On My Mind: The Fed Takes the Red Pill

The Fed struck a hawkish tone at its latest meeting, but Franklin Templeton Fixed Income Chief Investment Officer Sonal Desai believes it still underestimates how far rates will likely need to rise—and so do the markets. She discusses what it will take to get inflation back under control, and how fixed income investors can position for the volatile rising-rate environment ahead.

The Federal Reserve (Fed) has finally acknowledged the reality of the inflation problem. The uncertainty raised by the Russia-Ukraine war did not stop it from raising rates at its March policy meeting, though it capped this first hike to just 25 basis points (bps). Connecting the “dots” points to an expected total of seven rate hikes this year, and Fed Chair Jerome Powell indicated that quantitative tightening (shrinking the Fed’s bloated balance sheet) will start sooner than expected, likely in May.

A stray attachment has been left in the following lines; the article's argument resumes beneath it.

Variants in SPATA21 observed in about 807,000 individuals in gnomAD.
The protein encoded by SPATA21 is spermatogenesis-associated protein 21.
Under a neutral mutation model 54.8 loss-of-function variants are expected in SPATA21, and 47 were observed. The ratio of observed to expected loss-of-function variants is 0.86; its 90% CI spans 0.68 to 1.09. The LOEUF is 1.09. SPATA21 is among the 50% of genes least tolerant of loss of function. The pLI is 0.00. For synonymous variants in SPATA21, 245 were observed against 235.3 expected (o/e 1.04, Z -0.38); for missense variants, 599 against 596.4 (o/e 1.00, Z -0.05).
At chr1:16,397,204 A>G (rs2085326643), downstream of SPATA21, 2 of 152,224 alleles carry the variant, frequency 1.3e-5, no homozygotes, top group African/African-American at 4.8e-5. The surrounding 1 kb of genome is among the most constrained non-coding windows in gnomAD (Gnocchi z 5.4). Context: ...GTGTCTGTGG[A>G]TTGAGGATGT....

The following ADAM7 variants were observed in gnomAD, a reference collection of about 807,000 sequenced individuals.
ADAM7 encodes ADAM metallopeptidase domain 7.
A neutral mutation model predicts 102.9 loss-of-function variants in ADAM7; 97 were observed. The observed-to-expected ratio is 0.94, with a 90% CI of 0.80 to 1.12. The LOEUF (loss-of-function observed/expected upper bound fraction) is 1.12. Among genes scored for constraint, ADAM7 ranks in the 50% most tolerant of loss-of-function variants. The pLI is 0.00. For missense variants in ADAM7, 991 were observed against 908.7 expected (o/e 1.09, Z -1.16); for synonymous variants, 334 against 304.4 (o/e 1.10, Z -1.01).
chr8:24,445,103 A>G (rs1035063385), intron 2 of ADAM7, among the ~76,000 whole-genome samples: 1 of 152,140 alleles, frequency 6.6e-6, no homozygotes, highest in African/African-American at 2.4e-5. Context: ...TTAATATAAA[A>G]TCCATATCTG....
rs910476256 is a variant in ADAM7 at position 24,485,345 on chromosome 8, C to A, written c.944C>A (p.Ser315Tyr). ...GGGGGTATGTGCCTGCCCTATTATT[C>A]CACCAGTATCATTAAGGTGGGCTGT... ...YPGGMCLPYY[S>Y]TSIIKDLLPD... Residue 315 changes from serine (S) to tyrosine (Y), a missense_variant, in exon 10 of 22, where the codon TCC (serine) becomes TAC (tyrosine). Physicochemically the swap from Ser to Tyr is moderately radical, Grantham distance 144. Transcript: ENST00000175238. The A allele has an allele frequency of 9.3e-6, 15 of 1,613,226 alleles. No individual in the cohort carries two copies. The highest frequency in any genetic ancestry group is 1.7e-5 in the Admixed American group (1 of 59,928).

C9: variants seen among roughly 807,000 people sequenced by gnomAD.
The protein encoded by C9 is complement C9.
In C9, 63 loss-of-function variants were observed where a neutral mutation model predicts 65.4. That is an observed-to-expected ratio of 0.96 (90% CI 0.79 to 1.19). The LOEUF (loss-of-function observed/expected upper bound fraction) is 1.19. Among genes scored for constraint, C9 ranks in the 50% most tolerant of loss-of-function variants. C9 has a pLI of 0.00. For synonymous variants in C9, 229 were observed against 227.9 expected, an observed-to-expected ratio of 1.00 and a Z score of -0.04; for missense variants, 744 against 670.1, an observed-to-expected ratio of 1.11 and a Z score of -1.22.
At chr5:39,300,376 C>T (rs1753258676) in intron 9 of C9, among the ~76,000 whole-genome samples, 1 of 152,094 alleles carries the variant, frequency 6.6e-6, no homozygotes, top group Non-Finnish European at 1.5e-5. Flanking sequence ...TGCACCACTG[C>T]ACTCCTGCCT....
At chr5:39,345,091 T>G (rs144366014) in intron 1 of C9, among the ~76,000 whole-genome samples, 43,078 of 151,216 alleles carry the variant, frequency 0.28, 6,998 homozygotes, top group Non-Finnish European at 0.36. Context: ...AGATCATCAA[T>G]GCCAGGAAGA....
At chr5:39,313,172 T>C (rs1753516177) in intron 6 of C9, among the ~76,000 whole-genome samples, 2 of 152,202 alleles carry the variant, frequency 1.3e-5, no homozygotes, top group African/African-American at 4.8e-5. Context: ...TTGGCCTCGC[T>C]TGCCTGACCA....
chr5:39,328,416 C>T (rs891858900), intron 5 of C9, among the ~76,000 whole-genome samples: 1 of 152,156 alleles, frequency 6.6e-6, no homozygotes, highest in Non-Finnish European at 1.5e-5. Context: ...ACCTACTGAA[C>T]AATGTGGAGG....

This might all sound rather hawkish. I had stressed in previous writings that inflation had become a major social and political problem, and in this month’s press conference, Powell tried to channel former Fed Chair Paul Volcker, signaling the Fed is aggressive and determined to bring inflation under control.

But compared to the magnitude of the inflation challenge, I believe the Fed’s stance is nowhere near as hawkish as it should be—though it sounds very hawkish compared to its previous implausibly accommodative line.

In previous tightening cycles, the Fed has had to lift the policy rate above inflation to bring price dynamics back under control. Today, the policy rate is barely above zero while headline Consumer Price Index (CPI) inflation is close to 8% and the Fed’s preferred core Personal Consumption Expenditures (PCE) measure stands at 5.2%.1 That’s a long way to go, and another six rate hikes—if this includes just one 50 bps bump in a series of predictable 25 bps increments—will leave the policy rate under 2% (the Federal Open Market Committee [FOMC] median projection is 1.875%).